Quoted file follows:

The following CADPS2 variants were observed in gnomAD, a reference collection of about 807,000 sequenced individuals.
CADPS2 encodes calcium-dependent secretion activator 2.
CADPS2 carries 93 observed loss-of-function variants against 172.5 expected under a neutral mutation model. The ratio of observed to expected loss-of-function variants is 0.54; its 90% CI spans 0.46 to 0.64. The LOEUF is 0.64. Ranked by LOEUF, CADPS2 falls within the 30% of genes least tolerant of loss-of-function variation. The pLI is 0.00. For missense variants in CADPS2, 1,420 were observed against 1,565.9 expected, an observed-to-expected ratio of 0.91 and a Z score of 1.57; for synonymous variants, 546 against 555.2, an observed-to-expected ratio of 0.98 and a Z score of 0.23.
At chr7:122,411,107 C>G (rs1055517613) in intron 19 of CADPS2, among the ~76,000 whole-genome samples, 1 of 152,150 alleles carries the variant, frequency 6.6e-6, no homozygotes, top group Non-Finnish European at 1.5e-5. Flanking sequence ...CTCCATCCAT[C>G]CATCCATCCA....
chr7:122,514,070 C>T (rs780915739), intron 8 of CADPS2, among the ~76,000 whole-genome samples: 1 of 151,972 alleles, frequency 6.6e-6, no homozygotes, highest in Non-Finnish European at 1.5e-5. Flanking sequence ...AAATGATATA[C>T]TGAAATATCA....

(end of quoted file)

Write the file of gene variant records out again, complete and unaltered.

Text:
The following CADPS2 variants were observed in gnomAD, a reference collection of about 807,000 sequenced individuals.
CADPS2 encodes calcium-dependent secretion activator 2.
CADPS2 carries 93 observed loss-of-function variants against 172.5 expected under a neutral mutation model. The ratio of observed to expected loss-of-function variants is 0.54; its 90% CI spans 0.46 to 0.64. The LOEUF is 0.64. Ranked by LOEUF, CADPS2 falls within the 30% of genes least tolerant of loss-of-function variation. The pLI is 0.00. For missense variants in CADPS2, 1,420 were observed against 1,565.9 expected, an observed-to-expected ratio of 0.91 and a Z score of 1.57; for synonymous variants, 546 against 555.2, an observed-to-expected ratio of 0.98 and a Z score of 0.23.
At chr7:122,411,107 C>G (rs1055517613) in intron 19 of CADPS2, among the ~76,000 whole-genome samples, 1 of 152,150 alleles carries the variant, frequency 6.6e-6, no homozygotes, top group Non-Finnish European at 1.5e-5. Flanking sequence ...CTCCATCCAT[C>G]CATCCATCCA....
chr7:122,514,070 C>T (rs780915739), intron 8 of CADPS2, among the ~76,000 whole-genome samples: 1 of 151,972 alleles, frequency 6.6e-6, no homozygotes, highest in Non-Finnish European at 1.5e-5. Flanking sequence ...AAATGATATA[C>T]TGAAATATCA....